|Original post by Antheus|
This thread is a complete mess.
Whetever little actual information is present in this thread has been ruined by the zealous nature of the "discussion" (if you can call "im right an you're wrong, so there" a discussion).
They're both appropriate in different situations. If you read descriptions from popular engines (e.g. the Half-life network overview) then they explain their decisions. Abaraba obviously hasn't read up on how exactly popular C/S is implemented in Source/Unreal/Quake, because he's pointing out flaws like "and even worse, they may itself be the source of another set of visual artifacts since they can easily mismatch with server’s next update
" which are "solved" by the previously mentioned models (and, like most info in this thread, the same solutions could be applied to C/S or P2P...)
Furthermore, many networking models that are independent or the choice of C/S or P2P have been muddled in with either of these choices during the thread.
For example, the lock-step technique where the inputs of the simulation are shared and agreed upon in advance (the actual state is not shared) can be implemented in either C/S or P2P...
These models may be more useful to one system than the other though.
For example, lock-step fits in well with P2P as there is very little data shared between clients, however if for whatever reason the lock-step model will not work for your game, then that may sway your decision as to whether S/C or P2P is feasible or not.
E.g. if your game *requires* a huge amount of state to be broadcast, then limited client bandwidth might mean that your game simply doesn't work without a dedicated high bandwidth host.
Of course you can try do design games without steep requirements, but in the real world we deal with diverse requirements, and in the real world there are no silver bullets. There are however, decision trees, which can tell is which bullet is the silver one *for this particular situation*.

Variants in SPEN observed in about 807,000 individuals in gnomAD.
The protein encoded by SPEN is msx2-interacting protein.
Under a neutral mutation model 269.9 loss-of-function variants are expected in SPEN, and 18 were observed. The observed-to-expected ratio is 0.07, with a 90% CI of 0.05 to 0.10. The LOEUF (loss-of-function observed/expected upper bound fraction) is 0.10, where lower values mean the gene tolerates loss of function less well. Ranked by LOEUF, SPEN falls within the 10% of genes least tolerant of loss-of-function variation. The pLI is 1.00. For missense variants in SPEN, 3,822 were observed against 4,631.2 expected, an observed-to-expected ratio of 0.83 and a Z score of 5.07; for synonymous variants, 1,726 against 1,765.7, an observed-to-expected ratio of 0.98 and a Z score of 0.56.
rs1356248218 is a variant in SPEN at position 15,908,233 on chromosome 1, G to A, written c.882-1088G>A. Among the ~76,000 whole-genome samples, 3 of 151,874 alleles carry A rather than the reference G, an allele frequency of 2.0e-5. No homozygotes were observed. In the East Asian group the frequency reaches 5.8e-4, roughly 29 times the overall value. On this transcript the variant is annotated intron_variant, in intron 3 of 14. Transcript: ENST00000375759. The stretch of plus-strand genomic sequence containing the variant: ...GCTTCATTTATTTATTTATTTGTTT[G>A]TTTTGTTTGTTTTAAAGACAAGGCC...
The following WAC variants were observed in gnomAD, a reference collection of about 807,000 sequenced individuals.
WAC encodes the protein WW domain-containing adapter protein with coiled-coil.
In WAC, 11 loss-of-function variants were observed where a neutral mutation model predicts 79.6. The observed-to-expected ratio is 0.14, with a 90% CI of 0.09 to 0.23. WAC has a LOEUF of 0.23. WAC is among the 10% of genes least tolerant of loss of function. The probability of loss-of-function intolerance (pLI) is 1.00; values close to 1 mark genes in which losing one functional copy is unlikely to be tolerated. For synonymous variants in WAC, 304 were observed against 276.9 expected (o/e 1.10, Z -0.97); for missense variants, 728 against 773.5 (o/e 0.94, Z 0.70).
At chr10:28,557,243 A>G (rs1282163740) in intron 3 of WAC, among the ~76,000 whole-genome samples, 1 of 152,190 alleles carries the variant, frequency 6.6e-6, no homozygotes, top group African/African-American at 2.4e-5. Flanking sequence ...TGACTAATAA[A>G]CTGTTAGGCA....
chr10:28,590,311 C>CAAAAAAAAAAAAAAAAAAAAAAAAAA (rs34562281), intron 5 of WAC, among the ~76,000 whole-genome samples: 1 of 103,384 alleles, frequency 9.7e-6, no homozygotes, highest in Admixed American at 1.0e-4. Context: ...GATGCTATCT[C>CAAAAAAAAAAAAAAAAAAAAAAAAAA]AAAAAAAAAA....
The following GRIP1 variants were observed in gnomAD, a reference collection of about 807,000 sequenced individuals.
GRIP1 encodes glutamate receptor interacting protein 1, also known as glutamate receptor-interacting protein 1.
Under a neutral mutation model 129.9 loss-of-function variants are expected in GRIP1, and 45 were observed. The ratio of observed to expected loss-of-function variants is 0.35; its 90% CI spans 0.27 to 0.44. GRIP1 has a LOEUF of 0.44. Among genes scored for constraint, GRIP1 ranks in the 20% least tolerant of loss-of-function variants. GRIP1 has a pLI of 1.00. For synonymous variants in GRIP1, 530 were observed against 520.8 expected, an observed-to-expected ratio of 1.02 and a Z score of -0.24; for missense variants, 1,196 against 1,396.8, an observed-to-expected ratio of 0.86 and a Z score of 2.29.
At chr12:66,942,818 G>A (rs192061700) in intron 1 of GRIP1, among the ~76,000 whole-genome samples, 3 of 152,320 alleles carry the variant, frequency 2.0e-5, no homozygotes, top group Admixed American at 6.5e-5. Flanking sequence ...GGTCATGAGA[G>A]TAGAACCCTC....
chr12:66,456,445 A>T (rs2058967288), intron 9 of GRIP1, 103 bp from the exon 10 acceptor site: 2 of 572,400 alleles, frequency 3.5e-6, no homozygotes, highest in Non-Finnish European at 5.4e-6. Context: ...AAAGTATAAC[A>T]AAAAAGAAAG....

If something useful was to come out of this thread it might be some kind of flow-chart that shows in what situations S/C or P2P show their strengths and weaknesses...
e.g. if cheating is not a concern you may choose to have clients do hit-detection client side - this decision works in both S/C and P2P though! So now you've decided to run game logic client side, you can decide if clients broadcast to each other, or forward packets through a server. Perhaps they would even do a bit of both (low-bandwidth players using high-bandwidth players as a proxy).
Perhaps it's not possible to run much game logic client side, which would require an 'authority' (server or a peer). Perhaps in the case of a full authoritative server clients can still share their inputs P2P style for prediction.
There's obviously a multitude of ways that data can be shared, various places that data can be computed (with different levels of authority) and lots of techniques for replicating a simulation.
There is no one perfect answer for all situations! Anyone who says they've found the silver bullet is likely ignorant, inexperienced or is simply trolling.[Edited by - Hodgman on September 7, 2009 10:35:13 PM]